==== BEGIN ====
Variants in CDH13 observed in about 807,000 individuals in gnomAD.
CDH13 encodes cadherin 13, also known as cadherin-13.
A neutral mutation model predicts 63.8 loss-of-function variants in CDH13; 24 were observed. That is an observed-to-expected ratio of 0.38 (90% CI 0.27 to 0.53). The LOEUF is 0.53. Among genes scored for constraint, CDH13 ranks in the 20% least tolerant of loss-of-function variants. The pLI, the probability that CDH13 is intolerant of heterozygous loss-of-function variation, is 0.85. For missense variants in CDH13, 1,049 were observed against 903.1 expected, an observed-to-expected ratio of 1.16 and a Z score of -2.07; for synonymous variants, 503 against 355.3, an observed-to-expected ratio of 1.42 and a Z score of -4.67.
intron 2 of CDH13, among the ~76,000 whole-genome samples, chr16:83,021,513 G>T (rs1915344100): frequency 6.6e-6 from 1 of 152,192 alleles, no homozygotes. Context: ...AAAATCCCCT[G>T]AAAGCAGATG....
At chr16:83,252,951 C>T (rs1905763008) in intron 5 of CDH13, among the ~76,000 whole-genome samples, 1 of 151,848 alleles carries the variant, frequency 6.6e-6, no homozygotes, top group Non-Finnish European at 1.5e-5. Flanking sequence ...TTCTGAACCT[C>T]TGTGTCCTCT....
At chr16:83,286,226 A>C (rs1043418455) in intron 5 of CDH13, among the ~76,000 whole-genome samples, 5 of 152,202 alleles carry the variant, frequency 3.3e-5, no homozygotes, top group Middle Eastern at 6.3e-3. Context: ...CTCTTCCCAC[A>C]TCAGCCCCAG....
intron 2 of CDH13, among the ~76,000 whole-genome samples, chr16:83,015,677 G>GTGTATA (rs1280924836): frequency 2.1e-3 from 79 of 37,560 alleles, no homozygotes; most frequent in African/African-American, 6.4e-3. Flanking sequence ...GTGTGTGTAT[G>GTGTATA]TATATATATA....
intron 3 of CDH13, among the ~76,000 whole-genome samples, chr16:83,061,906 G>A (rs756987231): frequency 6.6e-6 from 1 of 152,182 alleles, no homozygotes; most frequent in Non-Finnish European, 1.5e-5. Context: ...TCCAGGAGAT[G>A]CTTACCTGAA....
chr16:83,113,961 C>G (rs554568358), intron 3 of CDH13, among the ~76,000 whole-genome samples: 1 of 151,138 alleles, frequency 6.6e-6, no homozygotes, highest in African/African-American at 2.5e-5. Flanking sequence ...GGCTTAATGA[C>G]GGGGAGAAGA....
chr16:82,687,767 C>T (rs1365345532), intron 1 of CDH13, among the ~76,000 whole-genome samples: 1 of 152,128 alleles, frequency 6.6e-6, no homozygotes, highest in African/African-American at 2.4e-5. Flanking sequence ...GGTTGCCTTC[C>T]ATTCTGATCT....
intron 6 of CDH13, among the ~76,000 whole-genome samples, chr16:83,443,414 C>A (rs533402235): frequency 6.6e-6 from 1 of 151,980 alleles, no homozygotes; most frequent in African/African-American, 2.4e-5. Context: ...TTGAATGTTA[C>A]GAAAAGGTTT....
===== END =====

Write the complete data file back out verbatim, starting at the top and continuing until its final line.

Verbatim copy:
Variants in CDH13 observed in about 807,000 individuals in gnomAD.
CDH13 encodes cadherin 13, also known as cadherin-13.
A neutral mutation model predicts 63.8 loss-of-function variants in CDH13; 24 were observed. That is an observed-to-expected ratio of 0.38 (90% CI 0.27 to 0.53). The LOEUF is 0.53. Among genes scored for constraint, CDH13 ranks in the 20% least tolerant of loss-of-function variants. The pLI, the probability that CDH13 is intolerant of heterozygous loss-of-function variation, is 0.85. For missense variants in CDH13, 1,049 were observed against 903.1 expected, an observed-to-expected ratio of 1.16 and a Z score of -2.07; for synonymous variants, 503 against 355.3, an observed-to-expected ratio of 1.42 and a Z score of -4.67.
intron 2 of CDH13, among the ~76,000 whole-genome samples, chr16:83,021,513 G>T (rs1915344100): frequency 6.6e-6 from 1 of 152,192 alleles, no homozygotes. Context: ...AAAATCCCCT[G>T]AAAGCAGATG....
At chr16:83,252,951 C>T (rs1905763008) in intron 5 of CDH13, among the ~76,000 whole-genome samples, 1 of 151,848 alleles carries the variant, frequency 6.6e-6, no homozygotes, top group Non-Finnish European at 1.5e-5. Flanking sequence ...TTCTGAACCT[C>T]TGTGTCCTCT....
At chr16:83,286,226 A>C (rs1043418455) in intron 5 of CDH13, among the ~76,000 whole-genome samples, 5 of 152,202 alleles carry the variant, frequency 3.3e-5, no homozygotes, top group Middle Eastern at 6.3e-3. Context: ...CTCTTCCCAC[A>C]TCAGCCCCAG....
intron 2 of CDH13, among the ~76,000 whole-genome samples, chr16:83,015,677 G>GTGTATA (rs1280924836): frequency 2.1e-3 from 79 of 37,560 alleles, no homozygotes; most frequent in African/African-American, 6.4e-3. Flanking sequence ...GTGTGTGTAT[G>GTGTATA]TATATATATA....
intron 3 of CDH13, among the ~76,000 whole-genome samples, chr16:83,061,906 G>A (rs756987231): frequency 6.6e-6 from 1 of 152,182 alleles, no homozygotes; most frequent in Non-Finnish European, 1.5e-5. Context: ...TCCAGGAGAT[G>A]CTTACCTGAA....
chr16:83,113,961 C>G (rs554568358), intron 3 of CDH13, among the ~76,000 whole-genome samples: 1 of 151,138 alleles, frequency 6.6e-6, no homozygotes, highest in African/African-American at 2.5e-5. Flanking sequence ...GGCTTAATGA[C>G]GGGGAGAAGA....
chr16:82,687,767 C>T (rs1365345532), intron 1 of CDH13, among the ~76,000 whole-genome samples: 1 of 152,128 alleles, frequency 6.6e-6, no homozygotes, highest in African/African-American at 2.4e-5. Flanking sequence ...GGTTGCCTTC[C>T]ATTCTGATCT....
intron 6 of CDH13, among the ~76,000 whole-genome samples, chr16:83,443,414 C>A (rs533402235): frequency 6.6e-6 from 1 of 151,980 alleles, no homozygotes; most frequent in African/African-American, 2.4e-5. Context: ...TTGAATGTTA[C>A]GAAAAGGTTT....